Duplex: Your work is a combination of found object and concrete, how did you come to start using concrete as a medium?
Colin Kippen: I think it helps to know that my background is in jewelry and metalsmithing. During my MFA I wanted to work bigger and more cheaply while still thinking my metalsmithing thoughts. A lot of this work stems from a language of jewelry – you have a colorful rock with a support structure, this is exactly what this is. It’s a piece of colored concrete that has a support. In jewelry, I cast the metal and set the stone, while here I am casting the stone and setting the metal/found object. The paint–that angled color–provides the illusion that allows for an uncanny presence while the found object gives it its sculptural quality. I use a fast setting concrete and the funny thing is, I’ll always end up with a time bomb. A thirty minute window, so a lot of the pieces end up with a rough casting to them because I end up having to huff and puff around trying to put things together. At some point you give up and let the concrete win and make do with what has happened. The pieces usually benefit from my lack of ability. It’s important that the materials and the process have a really big say in the way a piece comes together. It’s no longer me forcing something.
D: You can even go further, and I sure you do with the jewelry analogy, the rock is being shined like a diamond in the rough.
CK: Exactly, there’s even a word, it’s called “chatoyancy,” it’s French for cat’s eye. A tiger’s eye has it, when certain grain structures in the rock are hit by light it looks as though there is an eye in it. Star sapphires do it too. Because of the way my painting happens, when you walk around my work, it sort of has that chatoyancy, an iridescent screen quality. And there’s a backwoods sort of beauty. This whole outdoor studio area has a backwoods aesthetic. The rusted and misused tool really speaks to my background in the hills of Vermont. There’s something about that haphazard piles of rusted stuff. Those are the kind of objects I’m drawn to: the idea of a fresh object with something old. How do you negotiate that and create something interesting from banal scraps? Another part of the process: I think about the parking strips and free piles as urban beachcombing. I arrive at pieces while on runs with my dog and late night walks. A lot of times I am trying to force a relationship between the cast and the substrate.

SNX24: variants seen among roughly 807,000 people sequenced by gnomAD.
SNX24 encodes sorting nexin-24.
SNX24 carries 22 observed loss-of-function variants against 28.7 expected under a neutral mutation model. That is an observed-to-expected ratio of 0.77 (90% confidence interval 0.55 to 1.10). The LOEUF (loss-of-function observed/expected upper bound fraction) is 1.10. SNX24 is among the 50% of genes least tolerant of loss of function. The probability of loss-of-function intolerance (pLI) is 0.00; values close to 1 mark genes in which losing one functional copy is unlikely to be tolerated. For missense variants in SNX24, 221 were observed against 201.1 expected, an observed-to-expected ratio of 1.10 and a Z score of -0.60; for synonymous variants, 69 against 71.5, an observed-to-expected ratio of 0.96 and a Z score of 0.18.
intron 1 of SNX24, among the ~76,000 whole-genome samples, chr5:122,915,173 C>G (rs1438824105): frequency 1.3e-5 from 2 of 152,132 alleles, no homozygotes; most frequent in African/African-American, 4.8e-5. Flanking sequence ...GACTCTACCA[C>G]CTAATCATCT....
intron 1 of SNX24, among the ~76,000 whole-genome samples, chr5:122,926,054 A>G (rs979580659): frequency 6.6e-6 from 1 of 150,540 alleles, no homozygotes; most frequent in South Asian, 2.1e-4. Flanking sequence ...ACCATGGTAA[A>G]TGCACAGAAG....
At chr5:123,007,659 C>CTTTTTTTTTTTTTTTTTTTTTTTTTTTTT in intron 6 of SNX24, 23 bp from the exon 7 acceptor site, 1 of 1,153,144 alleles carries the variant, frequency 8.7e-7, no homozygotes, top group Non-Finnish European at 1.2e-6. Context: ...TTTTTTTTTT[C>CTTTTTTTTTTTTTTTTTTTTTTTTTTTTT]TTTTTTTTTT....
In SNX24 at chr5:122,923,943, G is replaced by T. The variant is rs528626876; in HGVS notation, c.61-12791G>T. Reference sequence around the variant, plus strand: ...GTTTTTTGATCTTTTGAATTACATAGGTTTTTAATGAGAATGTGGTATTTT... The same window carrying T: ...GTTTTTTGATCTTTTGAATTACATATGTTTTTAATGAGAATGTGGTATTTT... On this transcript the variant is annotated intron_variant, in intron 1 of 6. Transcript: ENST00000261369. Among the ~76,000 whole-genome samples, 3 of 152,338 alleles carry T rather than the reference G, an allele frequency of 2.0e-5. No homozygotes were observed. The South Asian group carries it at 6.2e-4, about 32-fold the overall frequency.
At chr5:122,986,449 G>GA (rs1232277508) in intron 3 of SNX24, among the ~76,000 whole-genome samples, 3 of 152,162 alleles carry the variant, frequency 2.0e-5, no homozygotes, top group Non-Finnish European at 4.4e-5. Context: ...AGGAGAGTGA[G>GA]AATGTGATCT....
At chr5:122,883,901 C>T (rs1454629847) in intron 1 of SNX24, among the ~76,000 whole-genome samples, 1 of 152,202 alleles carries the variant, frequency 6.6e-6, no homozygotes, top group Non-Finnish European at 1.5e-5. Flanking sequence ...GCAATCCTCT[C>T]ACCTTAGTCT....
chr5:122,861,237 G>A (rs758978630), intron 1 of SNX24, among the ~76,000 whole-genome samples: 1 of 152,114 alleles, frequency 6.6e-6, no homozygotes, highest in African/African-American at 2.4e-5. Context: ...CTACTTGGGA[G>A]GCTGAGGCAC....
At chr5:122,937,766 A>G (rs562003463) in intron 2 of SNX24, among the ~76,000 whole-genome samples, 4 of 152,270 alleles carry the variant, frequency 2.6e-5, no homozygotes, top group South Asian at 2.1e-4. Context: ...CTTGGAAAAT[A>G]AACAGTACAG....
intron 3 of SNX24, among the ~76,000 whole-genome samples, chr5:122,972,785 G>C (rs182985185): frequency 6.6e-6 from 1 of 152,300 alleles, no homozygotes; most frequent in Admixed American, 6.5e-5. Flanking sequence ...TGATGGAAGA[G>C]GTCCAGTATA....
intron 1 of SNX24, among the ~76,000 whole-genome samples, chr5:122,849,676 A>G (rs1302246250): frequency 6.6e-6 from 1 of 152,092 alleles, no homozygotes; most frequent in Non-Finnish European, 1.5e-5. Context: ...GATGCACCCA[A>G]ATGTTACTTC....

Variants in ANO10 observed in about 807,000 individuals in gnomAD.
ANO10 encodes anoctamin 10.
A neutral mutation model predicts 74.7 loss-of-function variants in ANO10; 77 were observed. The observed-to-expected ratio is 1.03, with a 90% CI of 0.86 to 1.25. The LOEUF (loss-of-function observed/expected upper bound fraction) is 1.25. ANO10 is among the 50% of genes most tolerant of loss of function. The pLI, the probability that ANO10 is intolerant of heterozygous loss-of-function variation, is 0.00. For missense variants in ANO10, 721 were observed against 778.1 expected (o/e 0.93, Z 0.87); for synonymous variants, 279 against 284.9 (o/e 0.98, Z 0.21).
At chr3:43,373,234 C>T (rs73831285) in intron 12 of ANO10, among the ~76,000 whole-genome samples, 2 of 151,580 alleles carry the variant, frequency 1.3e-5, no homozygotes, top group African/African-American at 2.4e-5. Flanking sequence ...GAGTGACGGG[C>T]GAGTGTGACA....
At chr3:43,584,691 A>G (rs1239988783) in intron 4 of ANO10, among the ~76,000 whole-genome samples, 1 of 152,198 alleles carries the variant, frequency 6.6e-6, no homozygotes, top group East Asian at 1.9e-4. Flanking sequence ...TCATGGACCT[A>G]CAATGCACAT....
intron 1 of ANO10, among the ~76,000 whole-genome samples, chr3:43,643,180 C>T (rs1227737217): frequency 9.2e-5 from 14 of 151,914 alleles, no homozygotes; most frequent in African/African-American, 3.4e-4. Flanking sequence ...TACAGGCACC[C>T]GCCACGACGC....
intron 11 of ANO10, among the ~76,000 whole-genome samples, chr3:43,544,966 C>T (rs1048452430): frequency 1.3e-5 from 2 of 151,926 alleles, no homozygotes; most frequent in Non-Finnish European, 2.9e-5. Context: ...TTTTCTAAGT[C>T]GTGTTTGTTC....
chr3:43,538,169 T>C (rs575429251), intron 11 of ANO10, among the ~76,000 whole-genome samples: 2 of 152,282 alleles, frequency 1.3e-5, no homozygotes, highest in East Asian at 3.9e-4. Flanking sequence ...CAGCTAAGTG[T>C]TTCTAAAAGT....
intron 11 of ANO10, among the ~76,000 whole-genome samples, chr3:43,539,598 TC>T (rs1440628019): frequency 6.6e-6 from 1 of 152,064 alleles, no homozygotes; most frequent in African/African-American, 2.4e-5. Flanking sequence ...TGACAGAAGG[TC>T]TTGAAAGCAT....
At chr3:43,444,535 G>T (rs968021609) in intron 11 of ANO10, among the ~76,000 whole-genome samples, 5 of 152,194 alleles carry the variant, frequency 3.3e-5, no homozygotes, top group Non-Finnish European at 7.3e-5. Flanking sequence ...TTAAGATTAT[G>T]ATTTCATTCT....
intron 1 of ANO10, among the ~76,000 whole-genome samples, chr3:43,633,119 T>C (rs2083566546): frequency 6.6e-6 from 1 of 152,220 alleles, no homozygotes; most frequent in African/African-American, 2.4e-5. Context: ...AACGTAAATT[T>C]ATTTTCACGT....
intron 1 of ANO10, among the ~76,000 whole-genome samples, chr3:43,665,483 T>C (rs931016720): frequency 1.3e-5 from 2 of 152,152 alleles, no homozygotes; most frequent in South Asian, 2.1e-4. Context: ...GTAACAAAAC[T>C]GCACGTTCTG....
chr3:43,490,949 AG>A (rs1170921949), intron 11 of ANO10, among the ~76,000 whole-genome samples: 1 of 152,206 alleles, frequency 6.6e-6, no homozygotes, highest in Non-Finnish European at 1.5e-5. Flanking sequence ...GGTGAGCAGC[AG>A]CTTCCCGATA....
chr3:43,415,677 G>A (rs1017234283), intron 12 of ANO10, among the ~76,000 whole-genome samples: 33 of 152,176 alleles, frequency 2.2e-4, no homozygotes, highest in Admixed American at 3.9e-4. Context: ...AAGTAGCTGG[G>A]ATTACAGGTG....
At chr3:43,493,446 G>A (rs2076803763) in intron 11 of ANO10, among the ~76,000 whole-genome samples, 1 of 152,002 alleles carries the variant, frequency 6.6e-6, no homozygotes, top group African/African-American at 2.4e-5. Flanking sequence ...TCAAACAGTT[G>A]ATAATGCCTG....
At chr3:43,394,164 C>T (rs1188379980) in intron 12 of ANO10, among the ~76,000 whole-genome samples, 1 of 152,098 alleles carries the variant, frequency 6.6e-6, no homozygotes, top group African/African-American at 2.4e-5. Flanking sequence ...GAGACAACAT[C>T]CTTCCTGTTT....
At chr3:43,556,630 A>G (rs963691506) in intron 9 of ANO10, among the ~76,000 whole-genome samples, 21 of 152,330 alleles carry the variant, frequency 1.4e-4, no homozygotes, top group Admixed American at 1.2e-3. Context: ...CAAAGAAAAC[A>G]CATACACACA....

For this piece, I found the glass tabletop about a week after I found the satellite dish. The German word for table is “tisch” which is from Latin, “disc.” It just so happens the root word “disc” is the same for “table” and “dish.” The viewer doesn’t know it’s a tabletop I’ve cast- it’s an index, but I’m not even telling you that in the description. I’m telling you it’s concrete, acrylic and a found satellite dish. I realize that a lot if it is how I justify the joining of two disparate things. Read More «In the Studio – Colin Kippen»
Duplex: Tell us about your background.
Michelle Ramin: I grew up in the Appalachian Mountains of North Central Pennsylvania – a small town called Williamsport. From when I was a kid, I’ve always loved art and art making. I spent a lot of time with my Mimi (my grandmother) growing up and we would draw together. When I was in high school, I took a couple of painting classes and got hooked for good! I decided to major in art at Penn State University, about an hour drive from my hometown.
After graduation, my boyfriend (now husband) and I decided to move somewhere beautiful, inexpensive and creative. I was/am very connected to Elliott Smith’s music so I knew he had grown up in Portland. We thought, “What’s good enough for Elliott is good enough for us!” We didn’t know anyone in Portland really so we just took a chance, packed up our little red Neon, and drove across the country. No jobs, little money, no secured apartment. That was 2005.
We lived in Portland very happily until we decided to move to San Francisco in 2010 so I could to go to graduate school at the San Francisco Art Institute. I graduated in 2012 with my MFA and I’ve been drawing and painting and exhibiting ever since. My husband and I still live and work in SF. Read More «In the Studio – Michelle Ramin»